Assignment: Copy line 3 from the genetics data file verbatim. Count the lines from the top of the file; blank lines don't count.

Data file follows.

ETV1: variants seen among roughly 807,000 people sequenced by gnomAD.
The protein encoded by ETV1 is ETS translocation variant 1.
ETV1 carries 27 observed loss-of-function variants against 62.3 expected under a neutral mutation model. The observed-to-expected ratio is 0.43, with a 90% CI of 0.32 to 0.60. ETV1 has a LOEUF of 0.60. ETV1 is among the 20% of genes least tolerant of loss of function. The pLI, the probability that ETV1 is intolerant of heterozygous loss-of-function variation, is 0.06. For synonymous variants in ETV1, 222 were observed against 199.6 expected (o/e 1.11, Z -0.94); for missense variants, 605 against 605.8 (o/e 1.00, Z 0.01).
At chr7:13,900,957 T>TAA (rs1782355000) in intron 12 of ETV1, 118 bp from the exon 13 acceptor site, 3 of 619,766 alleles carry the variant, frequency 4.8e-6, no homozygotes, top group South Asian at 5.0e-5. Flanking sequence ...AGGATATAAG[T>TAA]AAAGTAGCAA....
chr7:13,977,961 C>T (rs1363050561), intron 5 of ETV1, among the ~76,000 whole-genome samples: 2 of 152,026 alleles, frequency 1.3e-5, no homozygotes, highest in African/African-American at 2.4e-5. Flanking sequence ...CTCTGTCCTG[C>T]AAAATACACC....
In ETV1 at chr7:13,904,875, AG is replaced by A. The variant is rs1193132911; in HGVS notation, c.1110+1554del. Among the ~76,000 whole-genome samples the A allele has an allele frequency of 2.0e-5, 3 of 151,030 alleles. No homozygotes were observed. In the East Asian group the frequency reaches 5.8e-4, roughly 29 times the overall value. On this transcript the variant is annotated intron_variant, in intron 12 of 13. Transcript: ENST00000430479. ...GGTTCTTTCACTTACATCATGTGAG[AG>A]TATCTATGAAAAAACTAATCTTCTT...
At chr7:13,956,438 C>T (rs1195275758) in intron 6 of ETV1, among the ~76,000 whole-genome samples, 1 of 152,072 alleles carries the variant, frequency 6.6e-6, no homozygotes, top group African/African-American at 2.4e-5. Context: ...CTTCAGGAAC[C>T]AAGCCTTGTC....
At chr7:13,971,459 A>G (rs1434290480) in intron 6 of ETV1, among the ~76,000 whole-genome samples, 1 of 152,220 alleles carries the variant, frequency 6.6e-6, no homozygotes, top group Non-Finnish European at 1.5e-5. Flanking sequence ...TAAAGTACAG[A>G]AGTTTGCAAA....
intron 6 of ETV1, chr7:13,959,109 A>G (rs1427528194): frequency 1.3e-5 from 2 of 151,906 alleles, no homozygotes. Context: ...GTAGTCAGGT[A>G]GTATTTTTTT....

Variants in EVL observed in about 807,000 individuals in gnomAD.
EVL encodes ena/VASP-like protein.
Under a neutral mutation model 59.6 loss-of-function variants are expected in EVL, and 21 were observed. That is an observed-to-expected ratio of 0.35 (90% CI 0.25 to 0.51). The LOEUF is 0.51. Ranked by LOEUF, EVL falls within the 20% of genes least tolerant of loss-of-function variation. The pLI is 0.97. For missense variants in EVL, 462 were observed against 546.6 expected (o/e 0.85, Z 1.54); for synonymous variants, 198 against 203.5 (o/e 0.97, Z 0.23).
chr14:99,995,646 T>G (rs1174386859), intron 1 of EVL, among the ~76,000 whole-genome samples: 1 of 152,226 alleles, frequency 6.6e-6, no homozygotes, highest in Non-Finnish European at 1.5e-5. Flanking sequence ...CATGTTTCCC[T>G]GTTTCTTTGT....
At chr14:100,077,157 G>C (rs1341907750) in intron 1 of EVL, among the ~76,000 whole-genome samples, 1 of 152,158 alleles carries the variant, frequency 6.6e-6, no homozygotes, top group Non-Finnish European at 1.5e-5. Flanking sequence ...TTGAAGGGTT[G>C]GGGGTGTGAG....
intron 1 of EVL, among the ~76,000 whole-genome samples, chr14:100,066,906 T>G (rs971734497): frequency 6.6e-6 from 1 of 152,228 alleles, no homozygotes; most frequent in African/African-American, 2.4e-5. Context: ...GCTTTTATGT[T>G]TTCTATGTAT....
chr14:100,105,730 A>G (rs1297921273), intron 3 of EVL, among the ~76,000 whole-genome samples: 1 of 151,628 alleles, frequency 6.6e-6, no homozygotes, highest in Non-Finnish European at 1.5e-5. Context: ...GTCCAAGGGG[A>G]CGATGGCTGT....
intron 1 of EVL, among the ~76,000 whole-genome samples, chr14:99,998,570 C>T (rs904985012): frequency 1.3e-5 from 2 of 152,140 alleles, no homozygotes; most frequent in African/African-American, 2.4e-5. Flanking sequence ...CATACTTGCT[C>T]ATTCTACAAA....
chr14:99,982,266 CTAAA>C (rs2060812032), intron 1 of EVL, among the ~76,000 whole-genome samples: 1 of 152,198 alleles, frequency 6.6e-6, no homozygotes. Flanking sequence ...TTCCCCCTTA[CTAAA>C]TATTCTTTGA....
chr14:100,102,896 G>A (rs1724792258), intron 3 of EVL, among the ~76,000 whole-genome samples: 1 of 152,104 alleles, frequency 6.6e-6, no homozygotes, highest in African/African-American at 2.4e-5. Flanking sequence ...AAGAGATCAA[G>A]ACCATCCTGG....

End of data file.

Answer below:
ETV1 carries 27 observed loss-of-function variants against 62.3 expected under a neutral mutation model. The observed-to-expected ratio is 0.43, with a 90% CI of 0.32 to 0.60. ETV1 has a LOEUF of 0.60. ETV1 is among the 20% of genes least tolerant of loss of function. The pLI, the probability that ETV1 is intolerant of heterozygous loss-of-function variation, is 0.06. For synonymous variants in ETV1, 222 were observed against 199.6 expected (o/e 1.11, Z -0.94); for missense variants, 605 against 605.8 (o/e 1.00, Z 0.01).